Pseudotype reporter viruses are being used as safe, quantitative, and high-throughput tools for assessing antibody neutralization for many viruses, including influenza. However, characterization of pseudotypes containing influenza hemagglutinin (HA-pseudotypes) is needed before this system is widely adopted for evaluating neutralizing antibodies in sera following vaccination or infection. In this report HA-pseudotype stocks were analyzed for HA content, stability, and performance in neutralization assays under various conditions. HA-pseudotypes produced with HA genes of H5 strains representing clades 1, 2.2, and 2.3.4 consistently contain similar HA contents, and infectivity was not greatly affected by the purity of the HA-pseudotype preparations or variations in storage conditions. HA-pseudotype neutralization titers using a reference serum panel were also consistent across a wide range of dilutions of HA-pseudotype stocks and correlated well with results from microneutralization assays involving replicating influenza. Concentrated HA-pseudotypes were further shown to work well in hemagglutination inhibition assays. Finally, antisera elicited by genetically modified HA, with changes in the polybasic cleavage site that have been used in some H5 vaccines and reduce pathogenicity, gave identical neutralization titers against HA-pseudotypes with wild type or modified HA. These findings support continued development of HA-pseudotypes as a robust tool for analyzing sera in vaccine and serologic studies.
"The advantages of using pseudotyped viruses as alternatives to handling live virus have been utilised by many laboratories for over two decades. They have primarily been used as gene delivery or gene therapy vectors (Naldini et al., 1996; Zufferey et al., 1997) but more recently as antigen substitutes in PNAs evaluating antiviral drug potency (Aljofan et al., 2009; Parry et al., 2009; Su et al., 2008) and serum VNAb titres (Temperton et al., 2005, 2007; Wright et al., 2008), as vaccine immunogens (Szecsi et al., 2006, 2009; Yang et al., 2007) or target antigens in antibody binding assays (Wang et al., 2010). Also, PNAs have been shown to aid the identification of more potent and broader cross-neutralising MAbs than has been possible using other Fig. 1 "
[Show abstract][Hide abstract] ABSTRACT: It is likely that phylogroup 2 lyssaviruses circulate within bat reservoirs. We adapted a pseudotype (pt) neutralisation assay (PNA) to a multiplex format enabling serosurveillance for Lagos bat virus (LBV), Mokola virus (MOKV) and West Caucasian bat virus (WCBV) in a potential reservoir, the African straw-coloured fruit bat, Eidolon helvum. Highly correlated titres were observed between single and multiplex PNAs using ptLBV and ptMOKV (r=0.97, p<0.0001), validating its use for bat serosurveillance. Of the bat serum samples screened 56% neutralised ptLBV, 27% ptMOKV and 1% ptWCBV. Mean VNAb titres were 1:266, 1:35 and 1:7 against ptLBV, ptMOKV and ptWCBV respectively. The high seroprevalence estimates suggest that the infection rate of LBV in E. helvum remains high enough to persist in this species. This supports the hypothesis that LBV is endemic in Ghanaian E. helvum and we speculate that LBV may have co-evolved with African megachiroptera.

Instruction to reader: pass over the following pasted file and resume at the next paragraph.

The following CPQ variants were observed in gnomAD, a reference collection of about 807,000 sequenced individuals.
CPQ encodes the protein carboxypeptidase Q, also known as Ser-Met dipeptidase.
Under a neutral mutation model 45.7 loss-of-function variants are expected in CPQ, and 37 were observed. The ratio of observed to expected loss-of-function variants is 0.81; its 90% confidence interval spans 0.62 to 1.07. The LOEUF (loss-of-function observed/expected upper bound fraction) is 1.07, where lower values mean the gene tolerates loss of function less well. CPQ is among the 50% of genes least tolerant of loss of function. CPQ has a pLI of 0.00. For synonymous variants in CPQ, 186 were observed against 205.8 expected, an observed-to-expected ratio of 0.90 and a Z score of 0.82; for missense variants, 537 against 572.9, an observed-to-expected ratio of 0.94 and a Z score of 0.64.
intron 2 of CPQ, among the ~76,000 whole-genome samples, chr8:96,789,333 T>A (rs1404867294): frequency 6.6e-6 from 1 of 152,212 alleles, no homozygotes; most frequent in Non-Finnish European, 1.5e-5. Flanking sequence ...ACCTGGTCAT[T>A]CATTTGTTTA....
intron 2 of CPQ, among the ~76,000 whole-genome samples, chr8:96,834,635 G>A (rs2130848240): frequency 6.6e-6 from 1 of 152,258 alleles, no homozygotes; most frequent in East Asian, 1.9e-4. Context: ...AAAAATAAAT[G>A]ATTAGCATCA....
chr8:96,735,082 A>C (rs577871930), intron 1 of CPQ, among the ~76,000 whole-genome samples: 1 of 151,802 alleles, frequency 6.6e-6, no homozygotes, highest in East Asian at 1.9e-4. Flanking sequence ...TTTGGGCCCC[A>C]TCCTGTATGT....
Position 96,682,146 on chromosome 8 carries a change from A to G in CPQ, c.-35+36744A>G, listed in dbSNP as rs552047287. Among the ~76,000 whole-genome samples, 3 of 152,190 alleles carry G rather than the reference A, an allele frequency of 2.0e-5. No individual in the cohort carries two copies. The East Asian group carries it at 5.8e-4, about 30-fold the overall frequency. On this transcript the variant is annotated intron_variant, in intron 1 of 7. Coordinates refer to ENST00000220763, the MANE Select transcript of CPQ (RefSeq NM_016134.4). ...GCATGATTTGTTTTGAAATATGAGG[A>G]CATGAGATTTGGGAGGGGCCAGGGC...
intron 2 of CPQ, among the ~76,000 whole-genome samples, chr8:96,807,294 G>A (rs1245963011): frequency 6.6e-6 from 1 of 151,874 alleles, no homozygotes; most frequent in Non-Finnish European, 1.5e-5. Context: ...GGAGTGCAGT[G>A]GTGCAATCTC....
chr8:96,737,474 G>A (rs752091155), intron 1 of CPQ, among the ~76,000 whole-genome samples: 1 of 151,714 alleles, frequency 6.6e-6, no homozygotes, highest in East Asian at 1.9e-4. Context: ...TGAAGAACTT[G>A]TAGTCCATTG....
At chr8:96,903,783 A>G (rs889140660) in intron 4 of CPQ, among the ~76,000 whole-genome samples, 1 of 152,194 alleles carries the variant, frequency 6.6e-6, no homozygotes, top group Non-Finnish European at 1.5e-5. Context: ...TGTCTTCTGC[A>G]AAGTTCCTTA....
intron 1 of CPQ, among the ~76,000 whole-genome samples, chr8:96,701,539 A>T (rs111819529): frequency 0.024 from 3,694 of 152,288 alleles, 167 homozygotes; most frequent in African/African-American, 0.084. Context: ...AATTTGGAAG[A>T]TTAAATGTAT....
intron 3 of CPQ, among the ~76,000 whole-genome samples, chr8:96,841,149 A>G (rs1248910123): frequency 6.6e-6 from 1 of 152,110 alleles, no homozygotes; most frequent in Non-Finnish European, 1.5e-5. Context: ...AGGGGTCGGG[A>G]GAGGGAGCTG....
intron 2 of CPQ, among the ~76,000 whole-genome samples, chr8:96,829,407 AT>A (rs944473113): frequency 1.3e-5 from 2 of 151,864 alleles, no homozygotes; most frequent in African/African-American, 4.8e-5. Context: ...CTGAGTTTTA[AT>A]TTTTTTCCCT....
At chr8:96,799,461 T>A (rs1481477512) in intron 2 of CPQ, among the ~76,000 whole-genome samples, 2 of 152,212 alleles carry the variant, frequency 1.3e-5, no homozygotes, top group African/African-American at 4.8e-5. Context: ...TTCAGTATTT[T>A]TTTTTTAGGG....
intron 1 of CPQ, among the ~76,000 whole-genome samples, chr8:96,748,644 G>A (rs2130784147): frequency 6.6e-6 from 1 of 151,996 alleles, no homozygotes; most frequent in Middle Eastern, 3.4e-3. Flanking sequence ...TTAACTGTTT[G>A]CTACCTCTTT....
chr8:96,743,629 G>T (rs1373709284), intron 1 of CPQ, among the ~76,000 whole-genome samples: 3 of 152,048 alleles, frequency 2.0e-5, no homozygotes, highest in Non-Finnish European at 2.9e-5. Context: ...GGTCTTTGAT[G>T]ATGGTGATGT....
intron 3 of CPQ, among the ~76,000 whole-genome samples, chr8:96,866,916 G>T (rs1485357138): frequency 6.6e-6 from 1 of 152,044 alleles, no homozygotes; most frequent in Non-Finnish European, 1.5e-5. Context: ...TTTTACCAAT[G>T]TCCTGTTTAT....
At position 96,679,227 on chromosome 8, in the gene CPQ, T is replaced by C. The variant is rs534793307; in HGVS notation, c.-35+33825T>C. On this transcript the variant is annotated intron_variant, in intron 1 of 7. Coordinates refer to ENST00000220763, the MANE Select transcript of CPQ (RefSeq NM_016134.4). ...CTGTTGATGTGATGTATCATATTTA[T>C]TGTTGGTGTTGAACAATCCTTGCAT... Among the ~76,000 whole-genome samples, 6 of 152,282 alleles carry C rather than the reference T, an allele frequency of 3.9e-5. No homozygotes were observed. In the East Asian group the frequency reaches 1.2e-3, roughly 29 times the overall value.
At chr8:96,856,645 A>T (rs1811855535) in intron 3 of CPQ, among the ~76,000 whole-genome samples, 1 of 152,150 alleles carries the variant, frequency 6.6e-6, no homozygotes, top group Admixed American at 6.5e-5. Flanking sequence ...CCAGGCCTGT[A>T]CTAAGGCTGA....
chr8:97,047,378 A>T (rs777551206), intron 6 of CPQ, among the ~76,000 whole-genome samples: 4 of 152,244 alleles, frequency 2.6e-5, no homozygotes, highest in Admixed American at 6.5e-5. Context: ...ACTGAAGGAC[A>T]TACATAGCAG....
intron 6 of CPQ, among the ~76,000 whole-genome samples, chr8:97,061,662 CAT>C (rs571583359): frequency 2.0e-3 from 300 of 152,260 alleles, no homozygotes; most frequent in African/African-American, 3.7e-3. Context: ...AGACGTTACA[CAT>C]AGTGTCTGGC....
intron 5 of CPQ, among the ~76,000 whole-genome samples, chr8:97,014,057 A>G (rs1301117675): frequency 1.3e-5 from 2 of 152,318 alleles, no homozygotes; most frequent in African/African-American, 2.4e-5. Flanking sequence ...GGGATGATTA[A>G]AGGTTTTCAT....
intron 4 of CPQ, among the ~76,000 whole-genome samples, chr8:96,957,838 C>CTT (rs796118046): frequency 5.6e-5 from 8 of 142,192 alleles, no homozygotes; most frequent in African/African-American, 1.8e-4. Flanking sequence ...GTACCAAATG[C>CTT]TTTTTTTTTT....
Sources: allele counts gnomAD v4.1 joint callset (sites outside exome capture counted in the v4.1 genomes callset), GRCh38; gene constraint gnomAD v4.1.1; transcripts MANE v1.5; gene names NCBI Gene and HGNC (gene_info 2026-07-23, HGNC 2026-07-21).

[Show abstract][Hide abstract] ABSTRACT: The 2009 H1N1 pandemic highlights the need to better understand influenza A infectivity and antigenicity. Relative to other recent seasonal H1N1 influenza strains, the 2009 H1N1 virus grew less efficiently in eggs, which hindered efforts to rapidly supply vaccine. Using lentiviral pseudotypes bearing influenza hemagglutinin (HA-pseudotypes) we evaluated a glutamine to arginine mutation at position 223 (Q223R) and glycosylation at residue 276 in HA for their effects on infectivity and neutralization. Q223R emerged during propagation in eggs and lies in the receptor binding site. We found that the Q223R mutation greatly enhanced infectivity of HA-pseudotypes in human cells, which was further augmented by inclusion of the viral neuraminidase (NA) and M2 proteins. Loss of glycosylation at residue 276 did not alter infectivity. None of these modifications affected neutralization. These findings provide information for increasing 2009 H1N1HA-pseudotype titers without altering antigenicity and offer insights into receptor use.
[Show abstract][Hide abstract] ABSTRACT: Pseudotyped viral particles are being used as safe surrogates to mimic the structure and surface of many viruses, including highly pathogenic viruses such as avian influenza H5N1, to investigate biological functions mediated by the envelope proteins derived from these viruses. The first part of this article evaluates and discusses the differences in the production and characterization of influenza pseudoparticles. The second part focuses on the applications that such a flexible tool can provide in modern influenza research, in particular in the fields of drug discovery, molecular biology and diagnosis.
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